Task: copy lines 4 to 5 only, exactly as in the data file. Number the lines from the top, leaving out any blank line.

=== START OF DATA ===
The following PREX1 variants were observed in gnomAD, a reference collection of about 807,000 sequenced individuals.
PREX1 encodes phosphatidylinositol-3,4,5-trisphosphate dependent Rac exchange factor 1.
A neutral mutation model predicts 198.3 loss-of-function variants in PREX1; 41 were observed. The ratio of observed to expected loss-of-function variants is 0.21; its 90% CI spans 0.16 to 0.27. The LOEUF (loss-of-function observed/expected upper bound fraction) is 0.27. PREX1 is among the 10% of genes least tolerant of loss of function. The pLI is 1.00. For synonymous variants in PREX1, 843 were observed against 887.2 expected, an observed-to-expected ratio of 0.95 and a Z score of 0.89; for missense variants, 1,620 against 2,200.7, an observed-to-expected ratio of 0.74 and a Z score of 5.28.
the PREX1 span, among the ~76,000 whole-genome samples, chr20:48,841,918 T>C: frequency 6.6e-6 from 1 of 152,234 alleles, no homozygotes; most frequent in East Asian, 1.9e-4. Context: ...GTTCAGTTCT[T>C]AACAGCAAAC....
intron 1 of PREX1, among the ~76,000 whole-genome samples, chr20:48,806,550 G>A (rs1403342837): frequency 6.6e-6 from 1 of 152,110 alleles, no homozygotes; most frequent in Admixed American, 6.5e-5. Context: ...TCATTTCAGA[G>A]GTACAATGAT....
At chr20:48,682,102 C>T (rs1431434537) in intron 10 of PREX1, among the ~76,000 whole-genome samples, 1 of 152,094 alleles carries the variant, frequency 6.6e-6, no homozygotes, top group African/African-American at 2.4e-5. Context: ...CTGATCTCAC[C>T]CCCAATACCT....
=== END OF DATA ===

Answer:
the PREX1 span, among the ~76,000 whole-genome samples, chr20:48,841,918 T>C: frequency 6.6e-6 from 1 of 152,234 alleles, no homozygotes; most frequent in East Asian, 1.9e-4. Context: ...GTTCAGTTCT[T>C]AACAGCAAAC....
intron 1 of PREX1, among the ~76,000 whole-genome samples, chr20:48,806,550 G>A (rs1403342837): frequency 6.6e-6 from 1 of 152,110 alleles, no homozygotes; most frequent in Admixed American, 6.5e-5. Context: ...TCATTTCAGA[G>A]GTACAATGAT....